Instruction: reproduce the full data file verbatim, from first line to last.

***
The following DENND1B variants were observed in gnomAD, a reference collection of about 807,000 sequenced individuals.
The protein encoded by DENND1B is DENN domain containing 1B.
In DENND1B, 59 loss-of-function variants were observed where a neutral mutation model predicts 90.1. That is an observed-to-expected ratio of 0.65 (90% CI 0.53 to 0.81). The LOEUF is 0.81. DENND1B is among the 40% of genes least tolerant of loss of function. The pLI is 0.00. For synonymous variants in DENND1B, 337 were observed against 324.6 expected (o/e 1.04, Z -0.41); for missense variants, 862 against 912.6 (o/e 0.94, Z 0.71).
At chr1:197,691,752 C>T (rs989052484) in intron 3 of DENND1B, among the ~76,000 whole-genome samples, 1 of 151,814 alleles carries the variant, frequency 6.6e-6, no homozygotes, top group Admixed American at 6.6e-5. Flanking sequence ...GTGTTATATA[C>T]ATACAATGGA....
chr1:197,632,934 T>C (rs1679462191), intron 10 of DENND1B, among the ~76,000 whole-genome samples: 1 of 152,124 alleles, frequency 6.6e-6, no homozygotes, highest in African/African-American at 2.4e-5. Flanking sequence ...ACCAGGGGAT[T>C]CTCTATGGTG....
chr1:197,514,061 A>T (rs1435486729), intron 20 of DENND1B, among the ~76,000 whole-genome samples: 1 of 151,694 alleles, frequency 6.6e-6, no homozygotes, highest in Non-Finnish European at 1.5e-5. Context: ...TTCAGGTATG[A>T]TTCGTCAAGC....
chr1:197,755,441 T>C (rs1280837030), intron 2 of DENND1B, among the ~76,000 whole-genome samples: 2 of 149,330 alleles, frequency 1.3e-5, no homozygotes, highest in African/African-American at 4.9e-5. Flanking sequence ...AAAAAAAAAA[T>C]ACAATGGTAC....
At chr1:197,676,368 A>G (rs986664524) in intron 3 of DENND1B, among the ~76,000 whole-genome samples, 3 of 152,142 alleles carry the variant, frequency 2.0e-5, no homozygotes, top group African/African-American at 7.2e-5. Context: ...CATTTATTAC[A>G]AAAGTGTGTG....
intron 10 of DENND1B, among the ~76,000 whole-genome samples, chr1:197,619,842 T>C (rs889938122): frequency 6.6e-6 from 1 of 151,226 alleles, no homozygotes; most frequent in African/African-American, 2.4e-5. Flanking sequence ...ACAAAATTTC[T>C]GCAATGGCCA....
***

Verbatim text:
The following DENND1B variants were observed in gnomAD, a reference collection of about 807,000 sequenced individuals.
The protein encoded by DENND1B is DENN domain containing 1B.
In DENND1B, 59 loss-of-function variants were observed where a neutral mutation model predicts 90.1. That is an observed-to-expected ratio of 0.65 (90% CI 0.53 to 0.81). The LOEUF is 0.81. DENND1B is among the 40% of genes least tolerant of loss of function. The pLI is 0.00. For synonymous variants in DENND1B, 337 were observed against 324.6 expected (o/e 1.04, Z -0.41); for missense variants, 862 against 912.6 (o/e 0.94, Z 0.71).
At chr1:197,691,752 C>T (rs989052484) in intron 3 of DENND1B, among the ~76,000 whole-genome samples, 1 of 151,814 alleles carries the variant, frequency 6.6e-6, no homozygotes, top group Admixed American at 6.6e-5. Flanking sequence ...GTGTTATATA[C>T]ATACAATGGA....
chr1:197,632,934 T>C (rs1679462191), intron 10 of DENND1B, among the ~76,000 whole-genome samples: 1 of 152,124 alleles, frequency 6.6e-6, no homozygotes, highest in African/African-American at 2.4e-5. Flanking sequence ...ACCAGGGGAT[T>C]CTCTATGGTG....
chr1:197,514,061 A>T (rs1435486729), intron 20 of DENND1B, among the ~76,000 whole-genome samples: 1 of 151,694 alleles, frequency 6.6e-6, no homozygotes, highest in Non-Finnish European at 1.5e-5. Context: ...TTCAGGTATG[A>T]TTCGTCAAGC....
chr1:197,755,441 T>C (rs1280837030), intron 2 of DENND1B, among the ~76,000 whole-genome samples: 2 of 149,330 alleles, frequency 1.3e-5, no homozygotes, highest in African/African-American at 4.9e-5. Flanking sequence ...AAAAAAAAAA[T>C]ACAATGGTAC....
At chr1:197,676,368 A>G (rs986664524) in intron 3 of DENND1B, among the ~76,000 whole-genome samples, 3 of 152,142 alleles carry the variant, frequency 2.0e-5, no homozygotes, top group African/African-American at 7.2e-5. Context: ...CATTTATTAC[A>G]AAAGTGTGTG....
intron 10 of DENND1B, among the ~76,000 whole-genome samples, chr1:197,619,842 T>C (rs889938122): frequency 6.6e-6 from 1 of 151,226 alleles, no homozygotes; most frequent in African/African-American, 2.4e-5. Flanking sequence ...ACAAAATTTC[T>C]GCAATGGCCA....